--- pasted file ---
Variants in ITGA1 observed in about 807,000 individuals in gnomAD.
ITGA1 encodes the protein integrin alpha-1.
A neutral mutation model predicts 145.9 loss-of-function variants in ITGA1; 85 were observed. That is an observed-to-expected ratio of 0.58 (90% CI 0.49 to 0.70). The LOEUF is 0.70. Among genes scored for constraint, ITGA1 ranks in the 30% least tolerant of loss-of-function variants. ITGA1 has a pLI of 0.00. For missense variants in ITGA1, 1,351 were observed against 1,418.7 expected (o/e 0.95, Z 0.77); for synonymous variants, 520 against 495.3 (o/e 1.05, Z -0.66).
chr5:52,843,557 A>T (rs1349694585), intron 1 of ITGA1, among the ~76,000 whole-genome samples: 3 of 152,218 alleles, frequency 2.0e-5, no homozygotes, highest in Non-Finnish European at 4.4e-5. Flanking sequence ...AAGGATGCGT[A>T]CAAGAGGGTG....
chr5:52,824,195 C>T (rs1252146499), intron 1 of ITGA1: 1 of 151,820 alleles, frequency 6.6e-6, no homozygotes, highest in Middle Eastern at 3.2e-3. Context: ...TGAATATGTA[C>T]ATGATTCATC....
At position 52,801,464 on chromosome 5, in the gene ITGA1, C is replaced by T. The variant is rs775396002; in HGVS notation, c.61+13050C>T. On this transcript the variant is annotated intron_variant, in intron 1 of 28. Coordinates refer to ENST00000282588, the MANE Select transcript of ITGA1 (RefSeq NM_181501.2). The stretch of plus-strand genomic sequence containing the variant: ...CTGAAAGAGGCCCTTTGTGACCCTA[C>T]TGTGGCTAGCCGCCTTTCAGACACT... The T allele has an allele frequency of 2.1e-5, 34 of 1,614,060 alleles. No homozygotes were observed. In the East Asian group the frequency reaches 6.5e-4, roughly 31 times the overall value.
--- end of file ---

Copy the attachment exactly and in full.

Variants in ITGA1 observed in about 807,000 individuals in gnomAD.
ITGA1 encodes the protein integrin alpha-1.
A neutral mutation model predicts 145.9 loss-of-function variants in ITGA1; 85 were observed. That is an observed-to-expected ratio of 0.58 (90% CI 0.49 to 0.70). The LOEUF is 0.70. Among genes scored for constraint, ITGA1 ranks in the 30% least tolerant of loss-of-function variants. ITGA1 has a pLI of 0.00. For missense variants in ITGA1, 1,351 were observed against 1,418.7 expected (o/e 0.95, Z 0.77); for synonymous variants, 520 against 495.3 (o/e 1.05, Z -0.66).
chr5:52,843,557 A>T (rs1349694585), intron 1 of ITGA1, among the ~76,000 whole-genome samples: 3 of 152,218 alleles, frequency 2.0e-5, no homozygotes, highest in Non-Finnish European at 4.4e-5. Flanking sequence ...AAGGATGCGT[A>T]CAAGAGGGTG....
chr5:52,824,195 C>T (rs1252146499), intron 1 of ITGA1: 1 of 151,820 alleles, frequency 6.6e-6, no homozygotes, highest in Middle Eastern at 3.2e-3. Context: ...TGAATATGTA[C>T]ATGATTCATC....
At position 52,801,464 on chromosome 5, in the gene ITGA1, C is replaced by T. The variant is rs775396002; in HGVS notation, c.61+13050C>T. On this transcript the variant is annotated intron_variant, in intron 1 of 28. Coordinates refer to ENST00000282588, the MANE Select transcript of ITGA1 (RefSeq NM_181501.2). The stretch of plus-strand genomic sequence containing the variant: ...CTGAAAGAGGCCCTTTGTGACCCTA[C>T]TGTGGCTAGCCGCCTTTCAGACACT... The T allele has an allele frequency of 2.1e-5, 34 of 1,614,060 alleles. No homozygotes were observed. In the East Asian group the frequency reaches 6.5e-4, roughly 31 times the overall value.